Do you know what type of mouse the one in the picture is?
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Last edited by sP1d3r on Fri May 22, 2020 11:01 am, edited 1 time in total.

philpem
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Re: Acorn Type 1 Mouse feet

Post by philpem » Fri May 22, 2020 9:04 am

sP1d3r wrote:
Fri May 22, 2020 8:48 am
Thanks for the info Philpem, that's useful to know.
More modern mice usually have the screws under the pads so some spare's would come in useful.

Do you know what type of mouse the one in the picture is?
Part number AGB33 is for an A3020 according to Chris's Acorns: http://chrisacorns.computinghistory.org ... A3020.html

It's probably a Type 4, aka the "RISC PC mouse": http://chrisacorns.computinghistory.org ... Type4.html
About the least repairable variant (in my experience), they suffer from LED failures. You have to cut tracks to fit new LEDs, but that's only if the PCB hasn't failed first. In my experience some track repair (with epoxy) is almost inevitable.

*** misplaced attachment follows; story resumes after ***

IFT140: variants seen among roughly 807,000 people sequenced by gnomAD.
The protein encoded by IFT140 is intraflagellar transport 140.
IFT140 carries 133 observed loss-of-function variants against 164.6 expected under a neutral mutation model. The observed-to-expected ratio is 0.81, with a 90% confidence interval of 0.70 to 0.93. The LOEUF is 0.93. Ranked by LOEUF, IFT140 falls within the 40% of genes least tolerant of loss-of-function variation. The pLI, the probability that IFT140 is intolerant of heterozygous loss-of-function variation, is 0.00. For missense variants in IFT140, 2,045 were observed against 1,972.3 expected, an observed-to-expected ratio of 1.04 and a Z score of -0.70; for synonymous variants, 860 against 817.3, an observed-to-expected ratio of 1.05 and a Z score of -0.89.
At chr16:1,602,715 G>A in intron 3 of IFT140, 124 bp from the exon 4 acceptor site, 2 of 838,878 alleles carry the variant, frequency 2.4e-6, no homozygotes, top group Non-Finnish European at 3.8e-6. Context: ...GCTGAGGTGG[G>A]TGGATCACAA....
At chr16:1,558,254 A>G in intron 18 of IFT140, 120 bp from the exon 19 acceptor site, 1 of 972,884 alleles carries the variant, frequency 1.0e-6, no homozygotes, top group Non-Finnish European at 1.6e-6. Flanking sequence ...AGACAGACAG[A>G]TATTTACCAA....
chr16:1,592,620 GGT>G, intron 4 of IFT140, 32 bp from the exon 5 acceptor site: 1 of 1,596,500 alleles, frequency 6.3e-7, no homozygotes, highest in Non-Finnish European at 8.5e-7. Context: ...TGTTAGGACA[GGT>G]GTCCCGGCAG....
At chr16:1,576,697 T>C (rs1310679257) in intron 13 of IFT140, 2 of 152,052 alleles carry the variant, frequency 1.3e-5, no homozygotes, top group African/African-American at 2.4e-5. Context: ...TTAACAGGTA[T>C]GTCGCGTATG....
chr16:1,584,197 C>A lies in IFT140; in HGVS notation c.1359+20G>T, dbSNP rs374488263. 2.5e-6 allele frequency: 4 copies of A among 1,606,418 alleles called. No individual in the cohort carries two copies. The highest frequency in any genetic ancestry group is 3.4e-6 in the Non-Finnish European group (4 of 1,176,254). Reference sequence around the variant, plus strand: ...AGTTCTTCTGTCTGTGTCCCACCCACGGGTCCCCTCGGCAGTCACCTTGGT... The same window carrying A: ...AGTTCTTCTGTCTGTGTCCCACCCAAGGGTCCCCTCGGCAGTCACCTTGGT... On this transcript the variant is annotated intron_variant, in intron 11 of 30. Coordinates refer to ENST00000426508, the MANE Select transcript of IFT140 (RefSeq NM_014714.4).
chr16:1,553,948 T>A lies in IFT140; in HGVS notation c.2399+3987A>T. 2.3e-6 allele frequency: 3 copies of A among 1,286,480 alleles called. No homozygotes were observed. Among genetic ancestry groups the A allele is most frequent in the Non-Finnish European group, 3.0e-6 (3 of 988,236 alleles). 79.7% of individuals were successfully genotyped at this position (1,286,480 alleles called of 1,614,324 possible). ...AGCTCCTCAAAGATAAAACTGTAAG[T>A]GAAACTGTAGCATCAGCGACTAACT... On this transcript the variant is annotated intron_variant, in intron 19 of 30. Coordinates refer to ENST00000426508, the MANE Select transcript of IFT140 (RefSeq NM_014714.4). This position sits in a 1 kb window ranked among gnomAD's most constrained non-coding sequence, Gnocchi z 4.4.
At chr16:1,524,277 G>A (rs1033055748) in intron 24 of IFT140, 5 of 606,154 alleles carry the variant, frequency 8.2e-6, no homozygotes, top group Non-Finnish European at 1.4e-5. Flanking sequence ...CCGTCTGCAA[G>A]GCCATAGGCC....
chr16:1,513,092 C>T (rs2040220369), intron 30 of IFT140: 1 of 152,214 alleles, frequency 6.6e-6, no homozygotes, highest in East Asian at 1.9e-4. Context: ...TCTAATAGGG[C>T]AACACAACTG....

Interesting you commented about screws under the skates - all the Acorn mice I've seen have screws separate to the skates.

The "Types" are shown on Chris's website:
Type 1 - http://chrisacorns.computinghistory.org ... mouse.html - original Archimedes mouse, an AMX with a 9-pin plug
Type 2 - http://chrisacorns.computinghistory.org ... Type2.html - common A3000/Archimedes mouse
Type 3 - http://chrisacorns.computinghistory.org ... Type3.html - early rev A30x0/A4000 mouse aka M-PG15
Type 4 - http://chrisacorns.computinghistory.org ... Type4.html - RISC PC and apparently late-rev A30x0

sP1d3r
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Re: Acorn Type 1 Mouse feet

Post by sP1d3r » Fri May 22, 2020 11:26 am